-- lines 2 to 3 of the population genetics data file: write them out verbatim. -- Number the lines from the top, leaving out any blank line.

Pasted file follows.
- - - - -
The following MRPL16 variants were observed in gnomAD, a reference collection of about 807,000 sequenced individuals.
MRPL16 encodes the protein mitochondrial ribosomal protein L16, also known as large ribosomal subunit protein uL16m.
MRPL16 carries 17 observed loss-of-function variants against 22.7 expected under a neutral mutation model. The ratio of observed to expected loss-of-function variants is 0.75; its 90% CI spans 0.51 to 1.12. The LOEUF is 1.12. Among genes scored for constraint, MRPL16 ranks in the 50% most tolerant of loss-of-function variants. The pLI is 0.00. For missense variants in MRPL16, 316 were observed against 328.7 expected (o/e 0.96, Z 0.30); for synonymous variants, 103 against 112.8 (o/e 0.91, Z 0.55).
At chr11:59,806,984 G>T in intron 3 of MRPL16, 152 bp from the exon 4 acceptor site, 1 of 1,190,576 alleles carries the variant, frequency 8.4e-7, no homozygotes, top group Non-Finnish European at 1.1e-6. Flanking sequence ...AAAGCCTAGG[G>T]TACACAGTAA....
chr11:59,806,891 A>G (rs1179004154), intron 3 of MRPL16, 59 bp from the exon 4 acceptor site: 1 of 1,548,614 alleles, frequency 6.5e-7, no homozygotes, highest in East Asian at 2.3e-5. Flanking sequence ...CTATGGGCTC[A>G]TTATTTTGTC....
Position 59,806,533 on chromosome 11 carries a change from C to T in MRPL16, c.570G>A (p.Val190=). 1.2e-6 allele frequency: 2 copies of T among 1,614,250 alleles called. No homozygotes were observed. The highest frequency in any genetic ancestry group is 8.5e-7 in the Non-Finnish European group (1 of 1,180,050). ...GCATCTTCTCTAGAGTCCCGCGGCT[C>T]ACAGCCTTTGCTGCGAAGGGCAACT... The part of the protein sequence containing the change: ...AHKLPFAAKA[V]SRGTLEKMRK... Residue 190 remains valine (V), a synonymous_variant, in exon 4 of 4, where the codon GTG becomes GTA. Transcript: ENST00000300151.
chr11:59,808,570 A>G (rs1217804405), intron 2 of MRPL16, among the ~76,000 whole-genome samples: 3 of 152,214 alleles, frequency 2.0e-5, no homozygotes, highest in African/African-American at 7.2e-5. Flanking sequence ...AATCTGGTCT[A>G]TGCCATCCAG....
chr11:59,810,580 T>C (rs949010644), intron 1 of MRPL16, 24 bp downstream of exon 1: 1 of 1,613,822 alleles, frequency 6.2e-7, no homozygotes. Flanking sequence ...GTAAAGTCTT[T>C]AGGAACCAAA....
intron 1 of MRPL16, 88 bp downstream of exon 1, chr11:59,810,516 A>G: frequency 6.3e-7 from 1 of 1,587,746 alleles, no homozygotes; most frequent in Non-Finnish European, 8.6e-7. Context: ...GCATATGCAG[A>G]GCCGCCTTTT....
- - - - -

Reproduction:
MRPL16 encodes the protein mitochondrial ribosomal protein L16, also known as large ribosomal subunit protein uL16m.
MRPL16 carries 17 observed loss-of-function variants against 22.7 expected under a neutral mutation model. The ratio of observed to expected loss-of-function variants is 0.75; its 90% CI spans 0.51 to 1.12. The LOEUF is 1.12. Among genes scored for constraint, MRPL16 ranks in the 50% most tolerant of loss-of-function variants. The pLI is 0.00. For missense variants in MRPL16, 316 were observed against 328.7 expected (o/e 0.96, Z 0.30); for synonymous variants, 103 against 112.8 (o/e 0.91, Z 0.55).